Wired: Climate Denial is like Covid-19 Denial

Climate Change Impacts as a Fraction of Global Economic Output, 2050 - 2100.Climate Change Impacts as a Fraction of Global Economic Output, 2050 - 2100.
Climate Change Impacts as a Fraction of Global Economic Output, 2050 – 2100. Source Whitehouse

Guest essay by Eric Worrall

According to Wired, the people who are denying climate change are also denying the threat of Covid-19. But there is an important difference between Climate Change and Covid-19 which the author overlooks.

The Analogy Between Covid-19 and Climate Change Is Eerily Precise

First deny the problem, then say the solution is too expensive? The playbook here is all too familiar.

GILAD EDELMAN 03.25.2020 02:59 PM

FOR A BRIEF moment there, it looked as though the coronavirus pandemic might escape the muck of partisanship. 

It’s true that President Donald Trump, wary of a recession during a reelection year, had first tried to talk the virus into submission. His counterfactual insistence that the situation was under control did nothing to slow the viral spread through February and early March. It did, however, seem to influence the party faithful, as polls showed Republican voters were taking the pandemic far less seriously than Democrats. In other words, the facts of Covid-19 were already politicized. As I suggested last week, it looked as though this process were unfolding just as it had for climate change—but at 1,000x speed.

Then Trump began to shift his message. Suddenly he seemed to grasp the need for drastic measures (while claiming that he’d never hinted otherwise). The White House started repeating the advice from public health experts: Social distancing would be necessary, maybe through the end of summer. In my last piece, I wondered if this new acceptance of reality might keep an epistemic crisis from developing. Perhaps Americans would coalesce into a common understanding of this public health disaster.

But coronavirus denialism wasn’t in remission; it was only mutating. After a weekend of reported clashes among economic and health officials in the White House, and a spate of skeptical op-eds musing on whether social distancing was really worth its economic cost, Trump laid out a new approach by presidential tweet: “WE CANNOT LET THE CURE BE WORSE THAN THE PROBLEM ITSELF.”

The parallel to climate change, in other words, was even tighter than I realized.

The climate change issue has been transformed into a badge of who people think they are,” said Roger Pielke Jr., a political scientist and environmental studies professor at the University of Colorado at Boulder. “So if you’re a good card-carrying Republican in the Midwest, then you’d better be against that climate change stuff. And if you’re a West Coast liberal, or you live in Boulder, like me, of course you support fighting climate change.” When scientific questions become political issues, he added, people’s beliefs become statements of identity. “To some extent we see that with the coronavirus.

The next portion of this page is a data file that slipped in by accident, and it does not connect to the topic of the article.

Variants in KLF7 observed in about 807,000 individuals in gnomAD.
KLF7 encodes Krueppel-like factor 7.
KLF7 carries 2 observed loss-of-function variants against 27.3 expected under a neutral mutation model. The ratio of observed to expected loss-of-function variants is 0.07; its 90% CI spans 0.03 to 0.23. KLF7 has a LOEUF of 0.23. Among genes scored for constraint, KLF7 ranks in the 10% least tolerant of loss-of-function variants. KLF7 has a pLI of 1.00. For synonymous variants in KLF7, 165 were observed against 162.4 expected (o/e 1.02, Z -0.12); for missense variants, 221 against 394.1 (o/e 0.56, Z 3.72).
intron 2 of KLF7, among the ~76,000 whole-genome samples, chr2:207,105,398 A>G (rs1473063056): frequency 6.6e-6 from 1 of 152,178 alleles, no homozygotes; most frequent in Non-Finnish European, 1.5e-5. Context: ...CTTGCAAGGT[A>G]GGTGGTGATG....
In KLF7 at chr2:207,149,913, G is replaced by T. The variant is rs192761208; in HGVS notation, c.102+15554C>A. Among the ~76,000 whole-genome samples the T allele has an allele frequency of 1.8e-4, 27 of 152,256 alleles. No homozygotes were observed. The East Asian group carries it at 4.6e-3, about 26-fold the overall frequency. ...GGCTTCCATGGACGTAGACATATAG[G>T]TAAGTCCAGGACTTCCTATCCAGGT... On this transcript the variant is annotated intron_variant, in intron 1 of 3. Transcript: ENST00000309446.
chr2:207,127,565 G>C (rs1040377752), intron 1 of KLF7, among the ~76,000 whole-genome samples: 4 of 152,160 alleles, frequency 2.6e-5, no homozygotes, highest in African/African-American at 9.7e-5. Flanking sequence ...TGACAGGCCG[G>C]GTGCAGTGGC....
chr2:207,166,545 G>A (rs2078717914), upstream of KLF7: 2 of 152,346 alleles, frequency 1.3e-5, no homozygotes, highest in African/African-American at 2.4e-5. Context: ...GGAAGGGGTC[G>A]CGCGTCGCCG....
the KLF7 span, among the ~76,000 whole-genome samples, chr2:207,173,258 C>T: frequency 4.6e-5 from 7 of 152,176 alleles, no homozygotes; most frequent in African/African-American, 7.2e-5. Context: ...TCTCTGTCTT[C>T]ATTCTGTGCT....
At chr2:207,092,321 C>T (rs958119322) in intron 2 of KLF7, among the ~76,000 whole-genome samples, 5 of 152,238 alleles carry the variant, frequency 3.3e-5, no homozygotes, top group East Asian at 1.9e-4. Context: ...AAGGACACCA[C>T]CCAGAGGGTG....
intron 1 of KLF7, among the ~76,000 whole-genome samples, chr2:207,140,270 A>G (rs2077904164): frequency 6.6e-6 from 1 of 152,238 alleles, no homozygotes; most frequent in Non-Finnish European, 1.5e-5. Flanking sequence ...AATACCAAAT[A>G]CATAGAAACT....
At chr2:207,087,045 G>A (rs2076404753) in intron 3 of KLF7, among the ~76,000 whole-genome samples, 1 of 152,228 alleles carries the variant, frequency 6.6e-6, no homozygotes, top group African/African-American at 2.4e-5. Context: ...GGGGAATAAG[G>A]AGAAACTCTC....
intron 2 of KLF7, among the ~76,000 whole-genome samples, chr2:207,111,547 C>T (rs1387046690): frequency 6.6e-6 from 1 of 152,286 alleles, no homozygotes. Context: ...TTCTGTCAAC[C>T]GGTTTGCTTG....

Read more: https://www.wired.com/story/the-analogy-between-covid-19-and-climate-change-is-eerily-precise/

The important difference between Climate Change and Covid-19 is there is evidence that Covid-19 is a problem.

Since the evidence about Covid-19 is incomplete, there is a lively debate over how serious the Covid-19 problem is. I make no secret that I’m personally alarmed about Chinese Coronavirus, but I understand people taking a more optimistic view, based on available evidence.

There is no evidence climate change in the next few centuries will be a serious problem. Even models don’t provide support for climate action; Calculations using the alarmist’s own models suggest climate action would do more harm than climate change (see the top of the page).

We cannot mount a robust response to every possible threat. Responding to threats is costly. Responding to a threat before we know if it is going to cause problems is a waste of precious resources. If we drain all our spare capacity responding to maybes, without clear evidence there is an actual problem, we won’t have anything left when a real threat manifests.

Responding to Covid-19 is reasonable, because Covid-19 is demonstrably causing serious problems. For example, hospitals in regions hit hard by Covid-19, like Elmhurst Hospital in New York, are running out of ventilators. New York is worried about running out of beds. Hospitals in hard hit regions in Europe are running out of beds and medical staff, as significant numbers of front line staff are forced to retreat and rest after becoming infected. These are major issues for severe Covid-19 victims, and for anyone else in affected regions who needs urgent medical attention.

Responding to climate change, in a complete absence of observational evidence that climate change is a problem, is a waste of resources. Consider the comedic failure by activists over the years to produce a genuine climate refugee. They’ve got nothing.

via Watts Up With That?


March 26, 2020 at 12:46AM

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